While one generation of Canadians now mourns, the next may look somewhere other than frozen ponds for heroes.
“As a kid, watching the NHL gave you something to play for,” said Randy Gilhen, a Winnipeg native who grew up to become a center with these departing Jets. “We didn’t feel like we were a million miles away from everyone.”
For a people that revere hockey above all else, losing the NHL is nothing less than a tragedy.
…Last summer, when the team was put up for sale by the local owners, more than 35,000 gathered in front of the Manitoba legislature building, the province’s largest rally of any kind in 50 years. They sought government aid, but many also contributed. They left money on the doorstep.
“I don’t have a job yet, but I took down $10,” said Sean Jones, a student at the University of Winnipeg. “That’s not much, but it’s all I could do. Everyone had to do something . . . there were so many people.”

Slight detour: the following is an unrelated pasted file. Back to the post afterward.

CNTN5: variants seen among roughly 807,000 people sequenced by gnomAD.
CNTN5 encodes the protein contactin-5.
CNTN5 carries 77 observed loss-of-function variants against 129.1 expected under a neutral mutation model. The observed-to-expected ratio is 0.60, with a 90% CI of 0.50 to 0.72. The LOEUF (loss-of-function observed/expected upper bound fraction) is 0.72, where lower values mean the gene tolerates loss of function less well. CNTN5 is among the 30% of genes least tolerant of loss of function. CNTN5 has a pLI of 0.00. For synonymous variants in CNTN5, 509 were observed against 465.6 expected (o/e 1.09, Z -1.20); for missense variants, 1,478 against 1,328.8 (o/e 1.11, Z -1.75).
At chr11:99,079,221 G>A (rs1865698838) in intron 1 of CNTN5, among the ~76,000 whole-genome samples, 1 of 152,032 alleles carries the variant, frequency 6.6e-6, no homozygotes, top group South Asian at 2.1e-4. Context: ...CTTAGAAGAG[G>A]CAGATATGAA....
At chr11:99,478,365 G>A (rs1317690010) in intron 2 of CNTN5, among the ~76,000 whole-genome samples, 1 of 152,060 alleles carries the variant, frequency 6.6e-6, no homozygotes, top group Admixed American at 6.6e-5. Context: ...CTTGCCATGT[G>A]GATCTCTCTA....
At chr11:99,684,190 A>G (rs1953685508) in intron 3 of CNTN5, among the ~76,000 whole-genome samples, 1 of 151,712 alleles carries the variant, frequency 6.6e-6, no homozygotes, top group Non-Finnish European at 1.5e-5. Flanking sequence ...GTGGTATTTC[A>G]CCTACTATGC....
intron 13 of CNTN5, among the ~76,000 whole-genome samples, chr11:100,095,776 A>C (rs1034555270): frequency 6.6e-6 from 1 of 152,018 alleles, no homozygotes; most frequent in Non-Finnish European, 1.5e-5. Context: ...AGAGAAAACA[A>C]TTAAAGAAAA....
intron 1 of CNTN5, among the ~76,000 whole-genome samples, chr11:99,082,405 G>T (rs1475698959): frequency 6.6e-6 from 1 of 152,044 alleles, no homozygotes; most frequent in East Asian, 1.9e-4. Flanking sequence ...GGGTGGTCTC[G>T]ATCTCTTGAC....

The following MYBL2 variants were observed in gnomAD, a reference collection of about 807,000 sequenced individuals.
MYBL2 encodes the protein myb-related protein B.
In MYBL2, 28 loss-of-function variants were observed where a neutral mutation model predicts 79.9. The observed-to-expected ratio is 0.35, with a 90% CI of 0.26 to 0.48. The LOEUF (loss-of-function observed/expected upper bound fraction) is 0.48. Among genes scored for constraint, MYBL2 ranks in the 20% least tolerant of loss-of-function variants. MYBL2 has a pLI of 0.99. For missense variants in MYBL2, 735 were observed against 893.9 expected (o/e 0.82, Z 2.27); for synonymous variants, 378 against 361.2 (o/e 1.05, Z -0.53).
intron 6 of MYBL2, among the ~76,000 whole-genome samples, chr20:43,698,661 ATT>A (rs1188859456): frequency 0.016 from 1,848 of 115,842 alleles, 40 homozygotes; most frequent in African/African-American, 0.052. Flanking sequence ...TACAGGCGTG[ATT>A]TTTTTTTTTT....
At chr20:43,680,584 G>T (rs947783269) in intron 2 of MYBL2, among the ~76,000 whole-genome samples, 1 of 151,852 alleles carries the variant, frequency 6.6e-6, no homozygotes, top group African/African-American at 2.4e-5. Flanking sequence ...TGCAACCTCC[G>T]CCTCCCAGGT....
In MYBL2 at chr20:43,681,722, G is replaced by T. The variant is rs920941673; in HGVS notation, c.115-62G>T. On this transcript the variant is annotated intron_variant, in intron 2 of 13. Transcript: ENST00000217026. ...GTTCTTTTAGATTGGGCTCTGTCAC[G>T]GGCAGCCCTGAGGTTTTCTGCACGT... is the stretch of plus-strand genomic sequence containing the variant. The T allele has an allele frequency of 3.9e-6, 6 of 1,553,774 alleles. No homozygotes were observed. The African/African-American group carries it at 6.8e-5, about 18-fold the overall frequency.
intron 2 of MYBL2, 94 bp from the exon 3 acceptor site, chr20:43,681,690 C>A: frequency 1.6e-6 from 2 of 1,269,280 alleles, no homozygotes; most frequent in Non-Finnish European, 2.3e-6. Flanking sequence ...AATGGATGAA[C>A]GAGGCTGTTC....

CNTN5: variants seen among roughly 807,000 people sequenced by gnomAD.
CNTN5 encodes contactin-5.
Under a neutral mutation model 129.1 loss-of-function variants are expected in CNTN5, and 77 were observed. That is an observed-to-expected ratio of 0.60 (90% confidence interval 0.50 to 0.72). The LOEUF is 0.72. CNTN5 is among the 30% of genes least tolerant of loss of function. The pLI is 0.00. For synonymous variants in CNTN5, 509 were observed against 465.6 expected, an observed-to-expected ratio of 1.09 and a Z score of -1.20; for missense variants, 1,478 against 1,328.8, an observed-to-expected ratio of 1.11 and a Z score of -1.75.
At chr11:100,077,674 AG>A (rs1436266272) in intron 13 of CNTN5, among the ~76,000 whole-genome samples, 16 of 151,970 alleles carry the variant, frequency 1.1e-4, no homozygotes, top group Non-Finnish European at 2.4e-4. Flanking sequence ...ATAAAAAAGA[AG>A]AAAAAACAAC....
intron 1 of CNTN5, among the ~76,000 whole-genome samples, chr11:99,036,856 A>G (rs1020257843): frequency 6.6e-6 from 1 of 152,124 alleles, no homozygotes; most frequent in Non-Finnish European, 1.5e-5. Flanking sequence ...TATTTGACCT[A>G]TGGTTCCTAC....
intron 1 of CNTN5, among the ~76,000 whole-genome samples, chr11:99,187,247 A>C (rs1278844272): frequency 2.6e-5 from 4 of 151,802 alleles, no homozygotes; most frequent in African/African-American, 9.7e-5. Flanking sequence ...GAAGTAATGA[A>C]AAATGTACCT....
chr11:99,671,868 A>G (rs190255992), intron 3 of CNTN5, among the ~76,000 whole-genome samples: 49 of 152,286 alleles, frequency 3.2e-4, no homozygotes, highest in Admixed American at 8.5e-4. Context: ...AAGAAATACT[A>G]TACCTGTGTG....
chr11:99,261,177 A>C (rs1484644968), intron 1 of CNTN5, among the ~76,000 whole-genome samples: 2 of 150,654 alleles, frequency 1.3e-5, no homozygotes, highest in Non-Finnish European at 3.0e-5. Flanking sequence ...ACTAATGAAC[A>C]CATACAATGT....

Winnipeg is not among the NHL’s smaller cities, but it is the smallest market.
“It’s not like there are suburbs here,” noted Gilhen, a member of the Penguins’ 1991 Stanley Cup championship team. “That’s the thing that makes what these people did so unbelievable, how they all rallied. I saw kids crying while they were emptying their piggy banks, carrying jars of pennies. You can’t imagine how that touches you, how it hurts. …How do I explain to him how we had all this and lost it?….. The kids are the big losers. They don’t understand business. They just know their Jets are leaving.”
If the idea of a 10 year old emptying his piggy bank onto the steps of a Government Legislature in the hopes of saving his hockey team doesn’t stir some empathy in your heart, well then quit reading my blog and fuck your blackened heart, Kim Jong-Un.
Seriously if you can’t feel for the fans of Winnipeg and how the one thing they loved more than anything was ripped away, then seriously, quit reading my blog and go club some baby seals or something.